HOST: Between 1911 and 1913, New York State passed more than sixty pieces of legislation on worker safety––many of them drafted by the Commission. The new, stricter codes focused on fire safety, ventilation, sanitation, and machine safety, as well as the industry-specific rules. In 1912, the commission released a report concluding that the government, quote, is bound to do everything in its power to preserve the health of the workers.

DVD: And guess what? It worked. It was hugely popular. The leaders of the Factory Investigating Commission went on to national prominence.

HOST: Al Smith was elected governor of New York in the 1920s. Robert Wagner, chair of the commission, went on to the U.S. Senate. Franklin Roosevelt won the presidency running on the same sort of progressive ticket and appointed Francis Perkins Secretary of Labor. (Rose Schneiderman was appointed to the National Labor Advisory Board.) As Secretary, Perkins was instrumental in the creation of the Fair Labor Standards Act of 1938, which established the minimum wage and the forty-hour work week, and restricted child labor. She also played a significant role in the Social Security Act of 1935.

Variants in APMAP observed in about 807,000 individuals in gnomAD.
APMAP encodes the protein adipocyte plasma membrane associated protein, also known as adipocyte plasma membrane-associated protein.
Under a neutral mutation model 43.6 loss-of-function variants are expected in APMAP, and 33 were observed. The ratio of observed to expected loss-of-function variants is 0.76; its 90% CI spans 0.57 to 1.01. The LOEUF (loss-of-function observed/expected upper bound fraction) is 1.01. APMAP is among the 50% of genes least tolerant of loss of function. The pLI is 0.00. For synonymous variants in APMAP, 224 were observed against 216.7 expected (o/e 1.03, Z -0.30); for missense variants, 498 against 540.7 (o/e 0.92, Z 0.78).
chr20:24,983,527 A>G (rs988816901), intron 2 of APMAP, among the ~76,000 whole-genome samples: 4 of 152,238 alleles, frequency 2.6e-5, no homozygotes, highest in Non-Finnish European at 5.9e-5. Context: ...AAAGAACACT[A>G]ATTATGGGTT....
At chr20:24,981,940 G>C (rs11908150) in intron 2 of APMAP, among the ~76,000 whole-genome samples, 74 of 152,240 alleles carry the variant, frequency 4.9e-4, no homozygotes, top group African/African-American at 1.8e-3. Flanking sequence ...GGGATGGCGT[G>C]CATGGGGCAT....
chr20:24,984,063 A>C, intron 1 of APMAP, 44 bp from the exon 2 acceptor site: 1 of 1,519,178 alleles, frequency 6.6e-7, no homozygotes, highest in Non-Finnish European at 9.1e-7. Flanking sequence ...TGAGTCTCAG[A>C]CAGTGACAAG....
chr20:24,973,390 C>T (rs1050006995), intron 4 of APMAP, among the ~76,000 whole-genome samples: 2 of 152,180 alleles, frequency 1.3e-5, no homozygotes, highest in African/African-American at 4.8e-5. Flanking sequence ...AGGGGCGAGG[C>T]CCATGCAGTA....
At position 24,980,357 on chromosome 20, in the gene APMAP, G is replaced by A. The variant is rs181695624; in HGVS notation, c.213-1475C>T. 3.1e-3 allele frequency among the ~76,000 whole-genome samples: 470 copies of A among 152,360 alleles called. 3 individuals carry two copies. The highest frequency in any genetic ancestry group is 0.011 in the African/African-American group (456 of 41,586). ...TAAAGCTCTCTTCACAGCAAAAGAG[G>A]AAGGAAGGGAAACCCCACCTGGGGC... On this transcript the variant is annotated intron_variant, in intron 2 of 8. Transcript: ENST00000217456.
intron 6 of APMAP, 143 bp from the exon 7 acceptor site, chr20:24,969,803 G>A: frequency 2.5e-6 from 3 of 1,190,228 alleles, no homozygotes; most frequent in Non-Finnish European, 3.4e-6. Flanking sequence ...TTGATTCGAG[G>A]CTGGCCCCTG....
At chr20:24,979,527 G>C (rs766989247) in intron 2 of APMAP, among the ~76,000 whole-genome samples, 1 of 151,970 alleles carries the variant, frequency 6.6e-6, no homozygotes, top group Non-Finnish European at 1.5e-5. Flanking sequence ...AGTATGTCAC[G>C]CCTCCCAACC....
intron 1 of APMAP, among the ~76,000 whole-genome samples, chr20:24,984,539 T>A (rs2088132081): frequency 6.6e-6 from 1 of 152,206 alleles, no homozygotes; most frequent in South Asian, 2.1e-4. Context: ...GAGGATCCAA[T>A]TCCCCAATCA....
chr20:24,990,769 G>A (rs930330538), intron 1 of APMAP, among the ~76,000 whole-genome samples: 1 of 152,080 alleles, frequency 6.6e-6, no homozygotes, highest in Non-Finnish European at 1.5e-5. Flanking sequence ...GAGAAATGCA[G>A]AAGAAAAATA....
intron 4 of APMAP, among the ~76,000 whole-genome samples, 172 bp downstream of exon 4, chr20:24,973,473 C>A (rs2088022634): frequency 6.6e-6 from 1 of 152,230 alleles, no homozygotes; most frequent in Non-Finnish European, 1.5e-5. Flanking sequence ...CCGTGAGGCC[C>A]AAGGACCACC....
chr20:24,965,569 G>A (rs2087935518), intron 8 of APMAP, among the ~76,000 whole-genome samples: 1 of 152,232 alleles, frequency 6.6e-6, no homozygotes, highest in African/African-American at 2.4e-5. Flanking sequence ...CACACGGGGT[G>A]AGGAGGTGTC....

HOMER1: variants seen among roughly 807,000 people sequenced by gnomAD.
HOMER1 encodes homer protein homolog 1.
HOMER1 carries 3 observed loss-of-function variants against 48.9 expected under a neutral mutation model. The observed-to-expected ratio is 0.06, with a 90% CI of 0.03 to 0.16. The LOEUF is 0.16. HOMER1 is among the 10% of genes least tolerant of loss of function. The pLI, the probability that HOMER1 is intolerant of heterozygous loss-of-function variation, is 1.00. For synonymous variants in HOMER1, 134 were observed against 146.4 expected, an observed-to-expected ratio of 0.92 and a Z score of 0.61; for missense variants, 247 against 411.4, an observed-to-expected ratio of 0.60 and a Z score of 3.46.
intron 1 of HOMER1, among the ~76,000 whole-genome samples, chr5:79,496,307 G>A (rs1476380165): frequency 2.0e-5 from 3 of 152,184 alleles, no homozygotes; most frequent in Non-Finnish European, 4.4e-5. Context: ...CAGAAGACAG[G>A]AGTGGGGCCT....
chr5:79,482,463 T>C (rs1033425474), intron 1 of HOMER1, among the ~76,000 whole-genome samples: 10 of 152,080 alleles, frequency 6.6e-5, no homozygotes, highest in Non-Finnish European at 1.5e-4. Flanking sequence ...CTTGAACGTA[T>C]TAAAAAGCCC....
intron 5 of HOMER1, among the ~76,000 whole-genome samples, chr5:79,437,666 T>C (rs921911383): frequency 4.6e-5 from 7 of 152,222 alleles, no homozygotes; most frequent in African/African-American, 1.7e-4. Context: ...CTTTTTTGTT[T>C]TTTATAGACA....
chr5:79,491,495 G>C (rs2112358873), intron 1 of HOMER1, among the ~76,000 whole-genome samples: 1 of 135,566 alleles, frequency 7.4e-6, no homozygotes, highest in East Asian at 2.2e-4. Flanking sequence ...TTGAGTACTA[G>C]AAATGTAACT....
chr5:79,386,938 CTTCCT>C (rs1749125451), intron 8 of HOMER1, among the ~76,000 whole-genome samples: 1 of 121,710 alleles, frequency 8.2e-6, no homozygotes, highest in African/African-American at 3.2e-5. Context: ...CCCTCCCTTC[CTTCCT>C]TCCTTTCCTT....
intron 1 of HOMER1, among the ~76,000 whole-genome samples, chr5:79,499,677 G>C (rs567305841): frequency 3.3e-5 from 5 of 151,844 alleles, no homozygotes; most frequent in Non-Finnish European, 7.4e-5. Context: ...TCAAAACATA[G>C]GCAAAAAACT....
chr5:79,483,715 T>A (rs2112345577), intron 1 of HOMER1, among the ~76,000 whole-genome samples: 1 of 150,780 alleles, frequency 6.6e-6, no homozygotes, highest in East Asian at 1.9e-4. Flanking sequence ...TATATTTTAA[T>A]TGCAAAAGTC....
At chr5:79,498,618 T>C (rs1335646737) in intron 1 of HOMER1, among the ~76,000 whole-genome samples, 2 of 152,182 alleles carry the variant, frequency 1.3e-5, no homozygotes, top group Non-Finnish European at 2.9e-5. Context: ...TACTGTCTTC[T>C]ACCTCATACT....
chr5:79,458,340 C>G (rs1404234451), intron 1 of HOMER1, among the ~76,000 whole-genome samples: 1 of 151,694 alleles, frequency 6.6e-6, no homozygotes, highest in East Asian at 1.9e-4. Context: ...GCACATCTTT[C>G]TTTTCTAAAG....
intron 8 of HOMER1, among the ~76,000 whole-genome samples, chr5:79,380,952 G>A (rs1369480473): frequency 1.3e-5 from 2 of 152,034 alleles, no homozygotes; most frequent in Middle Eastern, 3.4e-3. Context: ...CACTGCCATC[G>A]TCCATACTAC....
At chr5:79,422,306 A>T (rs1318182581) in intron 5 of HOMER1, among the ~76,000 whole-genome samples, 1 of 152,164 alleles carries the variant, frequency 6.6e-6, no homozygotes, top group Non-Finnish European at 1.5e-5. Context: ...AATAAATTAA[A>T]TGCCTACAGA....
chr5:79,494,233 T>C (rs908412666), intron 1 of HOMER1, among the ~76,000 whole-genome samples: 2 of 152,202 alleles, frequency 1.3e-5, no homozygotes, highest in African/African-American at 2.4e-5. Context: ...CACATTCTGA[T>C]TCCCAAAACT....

DVD: And so the agenda of the Factory Investigating Commission, which came directly out of the Triangle fire, ultimately became the progressive agenda for the entire United States through the New Deal.

HOST: In the meantime, workers kept organizing––young Jewish women and others in garment factories and mills beyond New York City. Rose Schneiderman––who stood up that day at the Metropolitan Opera House––spoke frequently on women’s rights and labor, including at a meeting of striking textile workers in Massachusetts in 1912, during which she famously said:

VA: What the woman who labors wants is the right to live, not simply exist––the right to life as the rich woman has the right to life, and the sun, and music, and art….The worker must have bread, but she must have roses, too…”

HOST: Schneiderman is sometimes credited with coining the slogan “Bread and Roses,” which became a rallying cry for the labor movement, though the phrase “Bread for all, and roses too,” goes back to at least 1911 and a Chicago factory inspector named Helen Todd, who said that she had seen it embroidered on a pillow owned by Mary Harris, the labor activist known more commonly as ‘Mother Jones.’ At any rate, the line was popularized in a poem and later in song: